Mexrrissey - No Manchester - Albums - Reviews - Soundblab

Mexrrissey - No Manchester

by Kevin Orton Rating:3 Release Date:2016-03-07

Mexico has long worshipped at the altar of former Smiths frontman. It seems Morrissey’s emotional and witty epistles of loss and heartbreak strike a deep chord with Mexican youth. It has been said his songs share a common bond with traditional Mexican folk music. If you ask me, that's something worth exploring.

So here you have it, a Mariachi tribute to all things Moz. While the performances are no doubt heartfelt, one can’t ignore the fact this is little more than a novelty album. It’s nice to hear 'Everyday is Like Sunday' with horns and trilling acoustic guitars, sung by a sweet voiced senorita, but beyond the quirky charm of it all, there’s really nothing being explored here. Exploited, perhaps.

'Last of the Famous International Playboys' is given a swinging lounge treatment, reminiscent of the instrumental, Tequila and its good fun but warrants no more than one listen. Such is the shelf life of novelty. Mexico is the most revealing example of what Mariachi and Morrissey both share. And this compilation boasts not only one but two different versions of Mexico. The same can be said for both versions of Suedehead. This album also features two versions of First of the Gang to Die, Last of the Famous International Playboys and Everyday Is Like Sunday. Making for a rather slight and redundant collection. With its mix of live and studio tracks, one gets the impression this a haphazard, hasty release, out to cash in on its own self-conscious novelty.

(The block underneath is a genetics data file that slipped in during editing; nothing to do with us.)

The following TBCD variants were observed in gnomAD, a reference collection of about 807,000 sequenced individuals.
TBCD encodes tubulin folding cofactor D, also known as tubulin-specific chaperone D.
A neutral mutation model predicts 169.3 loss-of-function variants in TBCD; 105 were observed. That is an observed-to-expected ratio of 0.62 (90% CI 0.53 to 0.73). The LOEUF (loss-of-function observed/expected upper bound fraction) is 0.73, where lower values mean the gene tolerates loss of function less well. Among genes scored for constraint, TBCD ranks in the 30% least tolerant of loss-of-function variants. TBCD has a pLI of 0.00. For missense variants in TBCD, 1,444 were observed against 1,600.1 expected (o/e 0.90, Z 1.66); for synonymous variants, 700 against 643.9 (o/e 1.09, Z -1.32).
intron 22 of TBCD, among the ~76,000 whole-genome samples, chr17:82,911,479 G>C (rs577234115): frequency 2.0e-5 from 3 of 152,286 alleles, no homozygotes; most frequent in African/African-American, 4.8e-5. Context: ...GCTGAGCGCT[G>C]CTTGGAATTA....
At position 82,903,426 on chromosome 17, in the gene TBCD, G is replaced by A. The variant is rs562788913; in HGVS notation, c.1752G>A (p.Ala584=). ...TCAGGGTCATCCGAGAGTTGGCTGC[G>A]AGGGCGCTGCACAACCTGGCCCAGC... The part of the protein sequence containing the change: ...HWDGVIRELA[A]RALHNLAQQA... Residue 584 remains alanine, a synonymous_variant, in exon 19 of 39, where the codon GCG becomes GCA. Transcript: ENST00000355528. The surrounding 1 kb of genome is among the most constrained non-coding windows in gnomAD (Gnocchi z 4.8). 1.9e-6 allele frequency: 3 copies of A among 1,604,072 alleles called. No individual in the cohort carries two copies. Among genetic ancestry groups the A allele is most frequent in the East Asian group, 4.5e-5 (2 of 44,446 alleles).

This isn’t to suggest any of the performances, lack heart or sincerity. On the contrary. But if there’s a joke behind it all, it soon isn’t funny anymore. While it may be good for a lark, there's something that rubs me the wrong way. If you ask me, this "nod and wink" is a missed opportunity. If only it sought to explore why Morrissey’s "veddy" English songs resonate so deeply with Mexico’s youth culture. If only it sought to step on the bridge between Mexican Folk Music and the phenomenon known as Morrissey. Instead, this hastily compiled album is merely content to stand at the foot of that bridge, passing the hat around. In the end, it's little more than novelty for novetly's sake. 


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